Saturday, May 23, 2009

PPP restores Aitzaz’s CEC membership

KARACHI: Pakistan Peoples Party (PPP) has restored the Central Executive Committee (CEC)’s membership of Chaudhry Aitzaz Ahsan here on Saturday.According to sources, the Senator and the leader of PPP Islamuddin Shaikh told Geo news that the President Asif Ali Zardari and the Chaudhry Aitzaz Ahsan held talks lasting three hours yesterday wherein all the conflicts and complaints were settled.Following the successful talks, the co-chairman of PPP Asif Ali Zaradri announced the endorsement of the restoration of PPP’s CEC membership of Chaudhry Aitzaz Ahsan, sources added.

Why break the habit of a lifetime?

PESHAWAR: The Commissionerate of Afghan Refugees (CAR) staff has arrested four officials deputed at the Jalozai camp on charges of stealing items meant for the IDPs, stated a press release issued here.

The Emergency Response Unit (ERU) of the NWFP government has taken strict notice of complaints by IDPs about misuse of relief items being provided by various donor agencies and philanthropists, and directed the security agencies to arrest all those found guilty of selling food and other items intended for the displaced families.

On the instructions of Provincial Relief Commissioner and In charge of ERU, Muhammad Azam Khan, the CAR officials arrested Sub-Inspector Attiqur Rehman, two storekeepers Inayat Khan and Musa Khan, Food Constable Murad Khan and Junior Clerk Nawabzada, stealing 36 steel plates, 3 tarpaulins, 60 packets of biscuits and 20kg of sugar. They were carrying the stolen items in the car of Attiqur Rehman when the security officials intercepted them. Clerk Nawabzada reportedly fled the scene.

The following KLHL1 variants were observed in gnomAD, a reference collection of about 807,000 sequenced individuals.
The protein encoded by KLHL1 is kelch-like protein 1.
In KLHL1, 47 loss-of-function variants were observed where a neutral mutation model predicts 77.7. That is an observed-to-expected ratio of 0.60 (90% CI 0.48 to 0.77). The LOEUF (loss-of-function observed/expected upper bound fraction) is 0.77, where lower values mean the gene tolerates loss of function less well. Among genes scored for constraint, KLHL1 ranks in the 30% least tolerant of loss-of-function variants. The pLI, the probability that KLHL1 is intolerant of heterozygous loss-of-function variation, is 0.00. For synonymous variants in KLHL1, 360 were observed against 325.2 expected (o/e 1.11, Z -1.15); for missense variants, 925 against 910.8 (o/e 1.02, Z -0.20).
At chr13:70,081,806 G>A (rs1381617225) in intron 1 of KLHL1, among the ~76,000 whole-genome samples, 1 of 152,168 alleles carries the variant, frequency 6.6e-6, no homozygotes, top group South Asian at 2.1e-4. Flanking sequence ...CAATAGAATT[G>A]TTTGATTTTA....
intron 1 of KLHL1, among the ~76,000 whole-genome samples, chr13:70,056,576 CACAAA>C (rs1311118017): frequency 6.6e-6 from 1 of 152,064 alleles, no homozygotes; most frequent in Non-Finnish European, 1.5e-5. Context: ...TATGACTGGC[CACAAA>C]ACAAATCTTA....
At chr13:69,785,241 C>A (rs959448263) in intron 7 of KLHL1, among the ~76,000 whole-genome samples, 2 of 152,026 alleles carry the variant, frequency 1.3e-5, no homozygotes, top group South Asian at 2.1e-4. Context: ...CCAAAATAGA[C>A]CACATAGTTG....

The ERU chief has issued instructions of zero tolerance for corruption and dereliction of duty by officials deputed in the IDPs camps in various parts of the province.

A strict vigil will be kept on the authorities discharging duties at the IDPs camps. The ERU has been set up by the NWFP government for monitoring the relief operation for the IDPs from Malakand division where the security forces have been carrying out a big operation against miscreants.

School blown up in Mohmand

Suspected Taliban blew up a government high school in Ambar tehsil of Mohmand Agency, a private TV channel reported on Saturday. According to the channel, the Taliban had planted explosives in the school building in Moosa Kaur area of the tehsil and detonated them late on Friday. The explosion destroyed the campus, it said, but no casualties were reported. daily times monitor

Children deal with the trauma of living in refugee camps

YAR HUSSAIN CAMP: Nabila Bibi sits in a tent in the blistering heat thinking about the dolls she left behind at home in the Pakistani mountains where the army and Taliban rebels are killing each other.

Rosy-cheeked Nabila understands nothing about Islamist insurgents and Pakistan's latest military offensive against them, which the United Nations said has displaced around 1.5 million people this month alone.